Excel still holds an important place in a lot of the business software world. Underneath its simple spreadsheet is a powerful tool with its own robust coding language (Visual Basic) and frameworks. I recently ran into an interesting problem when I was working on an Excel project:
How do I store the last modified date of a cell in another cell?
This seems simple enough in concept, but the solutions I was coming across after doing some research were variations of using the TODAY function or having NULL checks and formulas. Neither of these options were viable because TODAY updates everytime the sheet is recalculated, losing my last saved date. Formula fields got too messy and would often need a default date initially, which looked cluttered.
After doing some more reading, I came across the answer:
Excel captures certain events and allows certain events to have parameters that can be used for extra processing. The event we will use to implement a Last Modified Date in Excel is the Change Event.
Change fires whenever a cell is changed by a user or an external link and when it fires it passes the Range of what triggered it as a parameter. Plainly, this means that you know what cell triggered the change. You can use the cell’s properties to build complex logic that will then only run code when a certain cell is fired.
Let’s start illustrating this by opening Excel and creating a simple spreadsheet. It will have one column with a field for user input and another column that will hold the Last Modified Date of the cell adjacent to it:
To use the Change event, right-click on the bottom of the tab where it says ‘Sheet1’ ad click ‘View Code’:
This opens up the VBA panel, which is where you write VBA code to have Excel compute more sophisticated operations. Paste the following snippet in the panel for ‘Sheet1’:
Private Sub Worksheet_Change(ByVal Target As Range) If Target.Column = 1 And Target.Row = 2 Then ActiveSheet.Cells(2, 2).Value = Format(Date, "mm/dd/yyyy") End If End Sub
Excel routines are specified by the keyword Sub. Worksheet_Change(ByVal Target As Range) is how the Change event is called. This code will run every time a Change event happens in our worksheet. Target is name of the variable being passed in, and it is of type Range. Range is a data object VBA uses that represents a range of cells.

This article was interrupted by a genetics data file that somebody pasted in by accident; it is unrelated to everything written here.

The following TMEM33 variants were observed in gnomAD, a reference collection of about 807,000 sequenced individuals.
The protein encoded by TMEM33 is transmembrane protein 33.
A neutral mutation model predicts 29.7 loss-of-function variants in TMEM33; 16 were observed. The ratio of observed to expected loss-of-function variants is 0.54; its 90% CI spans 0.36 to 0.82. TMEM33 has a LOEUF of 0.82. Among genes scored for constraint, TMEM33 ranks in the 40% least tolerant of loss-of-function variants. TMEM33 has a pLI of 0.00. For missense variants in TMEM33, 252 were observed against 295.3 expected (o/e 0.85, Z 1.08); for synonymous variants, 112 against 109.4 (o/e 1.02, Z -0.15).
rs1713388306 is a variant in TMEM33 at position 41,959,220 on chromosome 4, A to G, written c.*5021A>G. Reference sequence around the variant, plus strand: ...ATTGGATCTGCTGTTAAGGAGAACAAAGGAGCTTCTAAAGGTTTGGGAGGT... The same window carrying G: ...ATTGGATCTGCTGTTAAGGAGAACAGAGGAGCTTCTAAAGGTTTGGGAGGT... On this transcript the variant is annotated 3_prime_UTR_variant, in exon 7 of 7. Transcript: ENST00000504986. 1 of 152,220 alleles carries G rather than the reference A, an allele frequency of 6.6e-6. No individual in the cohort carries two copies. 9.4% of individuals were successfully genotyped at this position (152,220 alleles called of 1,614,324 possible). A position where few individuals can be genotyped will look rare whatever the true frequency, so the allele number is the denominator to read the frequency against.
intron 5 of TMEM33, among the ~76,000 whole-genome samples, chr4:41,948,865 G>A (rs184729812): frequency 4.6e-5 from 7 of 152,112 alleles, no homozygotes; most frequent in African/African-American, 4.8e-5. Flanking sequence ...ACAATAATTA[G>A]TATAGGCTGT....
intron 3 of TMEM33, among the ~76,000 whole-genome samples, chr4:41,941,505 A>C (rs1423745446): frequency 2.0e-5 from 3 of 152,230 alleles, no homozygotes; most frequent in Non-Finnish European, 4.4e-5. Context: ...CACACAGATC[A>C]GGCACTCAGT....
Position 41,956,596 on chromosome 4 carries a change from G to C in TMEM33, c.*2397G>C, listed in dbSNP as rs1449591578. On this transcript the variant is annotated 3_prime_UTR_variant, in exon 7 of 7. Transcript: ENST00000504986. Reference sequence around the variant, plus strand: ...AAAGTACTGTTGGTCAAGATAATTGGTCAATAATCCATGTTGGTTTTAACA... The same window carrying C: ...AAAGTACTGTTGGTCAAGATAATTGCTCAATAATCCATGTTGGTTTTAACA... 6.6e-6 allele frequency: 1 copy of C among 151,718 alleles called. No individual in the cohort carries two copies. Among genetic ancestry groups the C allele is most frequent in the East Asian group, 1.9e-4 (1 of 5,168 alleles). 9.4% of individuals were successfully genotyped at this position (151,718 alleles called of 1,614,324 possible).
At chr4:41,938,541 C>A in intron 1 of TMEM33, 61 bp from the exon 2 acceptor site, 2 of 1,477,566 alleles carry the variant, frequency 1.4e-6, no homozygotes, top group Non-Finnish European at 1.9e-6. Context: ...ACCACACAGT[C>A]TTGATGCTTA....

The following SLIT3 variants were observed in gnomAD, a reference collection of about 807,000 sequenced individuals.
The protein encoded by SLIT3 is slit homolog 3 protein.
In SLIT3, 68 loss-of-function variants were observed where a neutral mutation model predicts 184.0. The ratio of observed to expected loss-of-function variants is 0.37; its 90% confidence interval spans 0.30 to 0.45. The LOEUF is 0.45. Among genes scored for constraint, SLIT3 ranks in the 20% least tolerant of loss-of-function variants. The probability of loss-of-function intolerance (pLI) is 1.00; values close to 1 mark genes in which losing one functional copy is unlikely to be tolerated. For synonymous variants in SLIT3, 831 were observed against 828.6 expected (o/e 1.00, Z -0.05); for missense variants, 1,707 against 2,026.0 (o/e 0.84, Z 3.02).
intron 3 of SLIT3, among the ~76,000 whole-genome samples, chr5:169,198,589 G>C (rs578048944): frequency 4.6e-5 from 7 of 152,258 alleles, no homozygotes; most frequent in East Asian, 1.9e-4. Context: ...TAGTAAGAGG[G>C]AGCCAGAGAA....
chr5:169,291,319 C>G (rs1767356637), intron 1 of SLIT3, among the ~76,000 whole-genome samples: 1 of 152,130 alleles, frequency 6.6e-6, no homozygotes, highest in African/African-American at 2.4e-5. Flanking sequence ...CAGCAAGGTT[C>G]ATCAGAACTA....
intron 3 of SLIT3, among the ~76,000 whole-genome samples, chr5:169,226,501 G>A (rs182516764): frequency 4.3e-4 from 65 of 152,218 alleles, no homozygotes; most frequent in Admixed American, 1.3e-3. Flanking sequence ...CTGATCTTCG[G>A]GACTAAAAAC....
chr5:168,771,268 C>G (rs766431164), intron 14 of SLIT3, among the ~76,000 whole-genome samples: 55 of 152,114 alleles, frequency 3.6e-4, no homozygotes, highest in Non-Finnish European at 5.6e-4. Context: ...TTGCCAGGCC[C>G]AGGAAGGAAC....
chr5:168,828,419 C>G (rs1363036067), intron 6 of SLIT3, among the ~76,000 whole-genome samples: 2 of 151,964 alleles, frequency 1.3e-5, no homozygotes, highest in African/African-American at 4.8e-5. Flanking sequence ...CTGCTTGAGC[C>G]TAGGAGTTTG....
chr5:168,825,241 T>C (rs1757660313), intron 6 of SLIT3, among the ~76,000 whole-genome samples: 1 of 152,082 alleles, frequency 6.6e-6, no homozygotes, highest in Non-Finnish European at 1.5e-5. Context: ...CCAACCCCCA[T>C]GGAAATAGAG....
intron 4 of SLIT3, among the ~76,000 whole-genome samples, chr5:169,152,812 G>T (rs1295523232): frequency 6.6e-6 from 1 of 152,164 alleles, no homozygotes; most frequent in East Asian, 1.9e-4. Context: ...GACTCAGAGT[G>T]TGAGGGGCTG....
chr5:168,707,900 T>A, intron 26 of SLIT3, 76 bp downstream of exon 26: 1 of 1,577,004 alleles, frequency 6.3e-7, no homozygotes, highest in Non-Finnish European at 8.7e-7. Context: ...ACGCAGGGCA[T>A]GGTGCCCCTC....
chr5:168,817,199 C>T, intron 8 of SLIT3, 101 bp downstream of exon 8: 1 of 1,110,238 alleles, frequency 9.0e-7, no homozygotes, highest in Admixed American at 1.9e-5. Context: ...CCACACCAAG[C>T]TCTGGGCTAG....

VBA supports If statements like any coding language. The syntax is as follows:
If [TRUE / FALSE condition] Then (your code here) ElseIf [TRUE / FALSE condition] Then (your code here) Else (your code here) End If
In our case, we only have one condition to check, so our if statement is really simple. Range objects have the properties ‘Column’ and ‘Row,’ which return the long values of their respective columns and rows. For this example, we only want to record the Last Modified Date cell A2. It’s row and column are 2 and 1, respectively, so we place that condition in our If statement.
If this condition is met, we want to set the value of the cell next to it, B2. To set a cell’s value, use the syntax:
ActiveSheet.Cells([Row Value], [Column Value]).Value = [Value]
We are going to set our cell to today’s date, so we use the Date object and the Format method, passing in a month, day, and year format to display our date in.
Now let’s see our code in action:
Perfect! Since this method does not really on TODAY, the value will not change. Also, there is no formula needed so the cell will not have a default value or anything messy in it if the cell it is tracking has not been modified.
To learn more about Excel VBA concepts, check out some of my other posts about looping and conditionals. Find this post helpful? Reach out to me using the Contact button at the top of this post if you want a consultation for your tech-related issues!